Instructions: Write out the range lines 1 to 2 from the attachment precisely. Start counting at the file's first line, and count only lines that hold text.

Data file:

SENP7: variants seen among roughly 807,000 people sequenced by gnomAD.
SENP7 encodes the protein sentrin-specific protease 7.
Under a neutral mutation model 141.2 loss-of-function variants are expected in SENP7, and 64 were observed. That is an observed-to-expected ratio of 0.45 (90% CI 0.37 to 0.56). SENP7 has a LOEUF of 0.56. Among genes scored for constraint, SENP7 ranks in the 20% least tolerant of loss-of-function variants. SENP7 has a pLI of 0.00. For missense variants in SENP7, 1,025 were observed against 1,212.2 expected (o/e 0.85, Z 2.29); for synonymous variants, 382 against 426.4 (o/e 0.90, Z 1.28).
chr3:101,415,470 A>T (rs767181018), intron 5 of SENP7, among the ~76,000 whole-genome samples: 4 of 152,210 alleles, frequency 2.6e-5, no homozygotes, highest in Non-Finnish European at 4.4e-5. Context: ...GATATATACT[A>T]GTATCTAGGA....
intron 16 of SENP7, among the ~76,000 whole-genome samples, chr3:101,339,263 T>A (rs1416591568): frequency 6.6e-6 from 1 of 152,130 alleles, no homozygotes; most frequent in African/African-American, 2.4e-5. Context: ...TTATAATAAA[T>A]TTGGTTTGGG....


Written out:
SENP7: variants seen among roughly 807,000 people sequenced by gnomAD.
SENP7 encodes the protein sentrin-specific protease 7.